Because his raga motifs are not mere embellishments but are imbedded into the very structure of the song, “Within You and Without You” appears seamless. It stretches, but fits. What a pity, then, that Harrison’s lyrics are dismal and dull. “Love You To” exploded with a passionate sutra quality, but “Within You and Without You” resurrects the very cliches the Beatles helped bury: “With our love/We could save the world/If they only knew.” All the minor scales in the Orient wouldn’t make “Within You and Without You” profound.

“… the over-all effect is busy, hip and cluttered.”

The obsession with production, coupled with a surprising shoddiness in composition, permeates the entire album. There is nothing beautiful on “Sergeant Pepper.” Nothing is real and there is nothing to get hung about. The Lennon raunchiness has become mere caprice in “Being for the Benefit of Mr. Kite.” Paul McCartney’s soaring Pop magnificants have become merely politely profound. “She’s Leaving Home” preserves all the orchestrated grandeur of “Eleanor Rigby,” but its framework is emaciated. This tale of a provincial lass who walks out on a repressed home life, leaving parents sobbing in her wake, is simply no match for those stately, swirling strings. Where “Eleanor Rigby” compressed tragedy into poignant detail, “She’s Leaving Home” is uninspired narrative, and nothing more. By the third depressing hearing, it begins to sound like an immense put-on.

There certainly are elements of burlesque in a composition like “When I’m 64,” which poses the crucial question: “Will you still need me/Will you still feed me/when I’m 64?” But the dominant tone is not mockery; this is a fantasy retirement, overflowing with grandchildren, gardening and a modest cottage on the Isle of Wight. The Beatles sing, “We shall scrimp and save” with utter reverence. It is a strange fairy tale, oddly sad because it is so far from the composers’ reality. But even here, an honest vision is ruined by the background which seeks to enhance it.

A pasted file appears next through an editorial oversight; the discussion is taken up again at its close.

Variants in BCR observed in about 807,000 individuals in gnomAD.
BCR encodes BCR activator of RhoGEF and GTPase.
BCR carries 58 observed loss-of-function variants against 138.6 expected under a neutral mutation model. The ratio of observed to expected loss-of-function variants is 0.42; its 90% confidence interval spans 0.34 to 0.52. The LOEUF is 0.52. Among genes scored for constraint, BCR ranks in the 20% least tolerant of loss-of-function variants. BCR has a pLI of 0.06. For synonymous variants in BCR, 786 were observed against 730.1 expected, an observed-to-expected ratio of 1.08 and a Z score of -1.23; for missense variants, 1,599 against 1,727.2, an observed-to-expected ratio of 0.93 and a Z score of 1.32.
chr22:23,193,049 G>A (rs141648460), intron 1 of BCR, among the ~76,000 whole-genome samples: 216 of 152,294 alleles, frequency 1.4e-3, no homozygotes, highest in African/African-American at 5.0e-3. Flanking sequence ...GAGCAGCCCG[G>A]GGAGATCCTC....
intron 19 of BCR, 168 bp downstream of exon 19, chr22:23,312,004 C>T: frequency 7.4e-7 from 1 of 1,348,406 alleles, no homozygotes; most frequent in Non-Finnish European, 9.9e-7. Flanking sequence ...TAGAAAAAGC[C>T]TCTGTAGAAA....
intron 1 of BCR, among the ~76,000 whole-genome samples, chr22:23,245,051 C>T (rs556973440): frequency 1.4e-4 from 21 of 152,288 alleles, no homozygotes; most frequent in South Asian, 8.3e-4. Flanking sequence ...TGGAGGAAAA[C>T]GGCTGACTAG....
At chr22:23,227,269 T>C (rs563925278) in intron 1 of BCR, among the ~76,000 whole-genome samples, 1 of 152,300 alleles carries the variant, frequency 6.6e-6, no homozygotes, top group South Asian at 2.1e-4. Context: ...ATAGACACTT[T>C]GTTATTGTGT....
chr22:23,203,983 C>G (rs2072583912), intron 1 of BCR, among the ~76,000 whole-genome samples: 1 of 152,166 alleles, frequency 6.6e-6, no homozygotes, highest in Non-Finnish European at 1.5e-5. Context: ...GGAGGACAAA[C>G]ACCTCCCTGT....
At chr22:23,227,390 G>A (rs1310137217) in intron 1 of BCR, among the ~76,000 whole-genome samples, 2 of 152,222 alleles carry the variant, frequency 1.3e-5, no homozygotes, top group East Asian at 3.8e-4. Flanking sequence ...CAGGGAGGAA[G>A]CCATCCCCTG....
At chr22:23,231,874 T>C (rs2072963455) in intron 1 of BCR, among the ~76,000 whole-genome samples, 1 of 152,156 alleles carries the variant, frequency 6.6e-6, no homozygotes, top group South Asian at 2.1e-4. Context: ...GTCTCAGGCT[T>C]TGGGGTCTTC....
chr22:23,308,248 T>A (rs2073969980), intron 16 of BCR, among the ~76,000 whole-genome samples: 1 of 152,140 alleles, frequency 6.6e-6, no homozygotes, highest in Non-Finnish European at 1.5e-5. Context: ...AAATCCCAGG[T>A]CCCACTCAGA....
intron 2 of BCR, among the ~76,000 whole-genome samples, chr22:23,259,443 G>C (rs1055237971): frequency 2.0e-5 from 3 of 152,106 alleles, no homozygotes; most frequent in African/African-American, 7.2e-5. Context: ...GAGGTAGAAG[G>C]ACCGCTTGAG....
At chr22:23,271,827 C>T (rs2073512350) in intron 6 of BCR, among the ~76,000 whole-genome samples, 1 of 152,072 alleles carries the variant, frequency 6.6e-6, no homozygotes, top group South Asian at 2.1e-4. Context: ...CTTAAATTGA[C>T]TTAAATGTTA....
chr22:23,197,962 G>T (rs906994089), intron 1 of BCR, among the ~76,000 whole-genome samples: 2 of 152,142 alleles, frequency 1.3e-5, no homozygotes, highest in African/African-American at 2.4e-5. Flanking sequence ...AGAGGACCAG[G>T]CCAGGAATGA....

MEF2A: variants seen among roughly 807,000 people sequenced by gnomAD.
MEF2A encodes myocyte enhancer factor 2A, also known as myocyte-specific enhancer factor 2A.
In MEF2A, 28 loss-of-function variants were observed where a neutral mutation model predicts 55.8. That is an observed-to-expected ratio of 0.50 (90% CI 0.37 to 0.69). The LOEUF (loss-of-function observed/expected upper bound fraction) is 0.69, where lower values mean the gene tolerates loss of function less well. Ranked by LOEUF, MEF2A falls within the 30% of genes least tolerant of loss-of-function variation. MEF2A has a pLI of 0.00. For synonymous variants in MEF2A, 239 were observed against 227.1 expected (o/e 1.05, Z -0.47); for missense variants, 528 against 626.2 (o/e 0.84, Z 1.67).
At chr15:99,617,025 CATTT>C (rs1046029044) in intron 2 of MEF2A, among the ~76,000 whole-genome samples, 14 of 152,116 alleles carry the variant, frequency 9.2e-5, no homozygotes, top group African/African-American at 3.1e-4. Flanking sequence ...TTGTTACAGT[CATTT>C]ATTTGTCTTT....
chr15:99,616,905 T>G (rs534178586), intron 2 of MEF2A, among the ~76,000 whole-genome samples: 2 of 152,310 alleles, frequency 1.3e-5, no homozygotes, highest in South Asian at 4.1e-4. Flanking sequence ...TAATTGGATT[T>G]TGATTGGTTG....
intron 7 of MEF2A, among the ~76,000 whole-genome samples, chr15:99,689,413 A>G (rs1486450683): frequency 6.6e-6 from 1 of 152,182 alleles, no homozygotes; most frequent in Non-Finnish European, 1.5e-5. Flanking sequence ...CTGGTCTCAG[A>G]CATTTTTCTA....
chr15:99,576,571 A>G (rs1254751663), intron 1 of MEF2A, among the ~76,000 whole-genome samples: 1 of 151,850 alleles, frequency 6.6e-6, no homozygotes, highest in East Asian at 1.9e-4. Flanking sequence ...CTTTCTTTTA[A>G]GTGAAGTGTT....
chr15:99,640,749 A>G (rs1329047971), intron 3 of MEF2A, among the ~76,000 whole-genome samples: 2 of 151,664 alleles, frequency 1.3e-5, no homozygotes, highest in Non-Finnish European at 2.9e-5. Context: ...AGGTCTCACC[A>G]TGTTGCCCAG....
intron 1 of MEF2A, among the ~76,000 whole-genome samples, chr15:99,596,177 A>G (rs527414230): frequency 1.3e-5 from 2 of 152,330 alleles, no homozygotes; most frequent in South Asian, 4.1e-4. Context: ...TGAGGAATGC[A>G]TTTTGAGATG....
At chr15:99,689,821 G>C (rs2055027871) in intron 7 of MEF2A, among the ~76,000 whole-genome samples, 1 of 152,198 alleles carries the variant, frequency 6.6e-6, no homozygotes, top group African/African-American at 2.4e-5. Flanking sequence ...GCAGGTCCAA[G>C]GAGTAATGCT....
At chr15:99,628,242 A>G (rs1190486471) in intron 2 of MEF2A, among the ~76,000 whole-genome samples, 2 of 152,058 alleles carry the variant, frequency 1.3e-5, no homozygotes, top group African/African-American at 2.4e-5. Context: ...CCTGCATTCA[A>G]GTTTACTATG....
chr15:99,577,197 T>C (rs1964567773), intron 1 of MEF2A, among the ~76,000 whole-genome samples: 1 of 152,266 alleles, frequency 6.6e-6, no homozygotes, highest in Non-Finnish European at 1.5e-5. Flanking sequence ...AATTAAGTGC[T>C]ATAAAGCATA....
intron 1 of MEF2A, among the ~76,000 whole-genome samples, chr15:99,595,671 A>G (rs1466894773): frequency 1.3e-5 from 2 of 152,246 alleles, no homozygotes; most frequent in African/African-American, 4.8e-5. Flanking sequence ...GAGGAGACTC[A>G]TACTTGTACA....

“Lucy in the Sky With Diamonds” is an engaging curio, but nothing more. It is drenched in reverb, echo and other studio distortions. Tone overtakes meaning and we are lost in electronic meandering. The best Beatle melodies are simple if original progressions braced with pungent lyrics. Even their most radical compositions retain a sense of unity.

There is nothing beautiful on `Sergeant Pepper’… an album of special effects, dazzling but ultimately fraudulent.”

But for the first time, the Beatles have given us an album of special effects, dazzling but ultimately fraudulent. And for the first time, it is not exploration which we sense, but consolidation. There is a touch of the Jefferson Airplane, a dab of Beach Boys vibrations, and a generous pat of gymnastics from The Who.

“All the minor scales in the Orient wouldn’t make `Within You and Without You’ profound.”

The one evident touch of originality appears in the structure of the album itself. The Beatles have shortened the “banding” between cuts so that one song seems to run into the next. This produces the possibility of a Pop symphony or oratorio, with distinct but related movements. Unfortunately, there is no apparent thematic development in the placing of cuts, except for the effective juxtapositions of opposing musical styles. At best, the songs are only vaguely related.

With one important exception, “Sergeant Pepper” is precious but devoid of gems. “A Day in the Life” is such a radical departure from the spirit of the album that it almost deserves its peninsular position (following the reprise of the “Sergeant Pepper” theme, it comes almost as an afterthought). It has nothing to do with posturing or put-on. It is a deadly earnest excursion in emotive music with a chilling lyric. Its orchestration is dissonant but sparse, and its mood is not whimsical nostalgia but irony.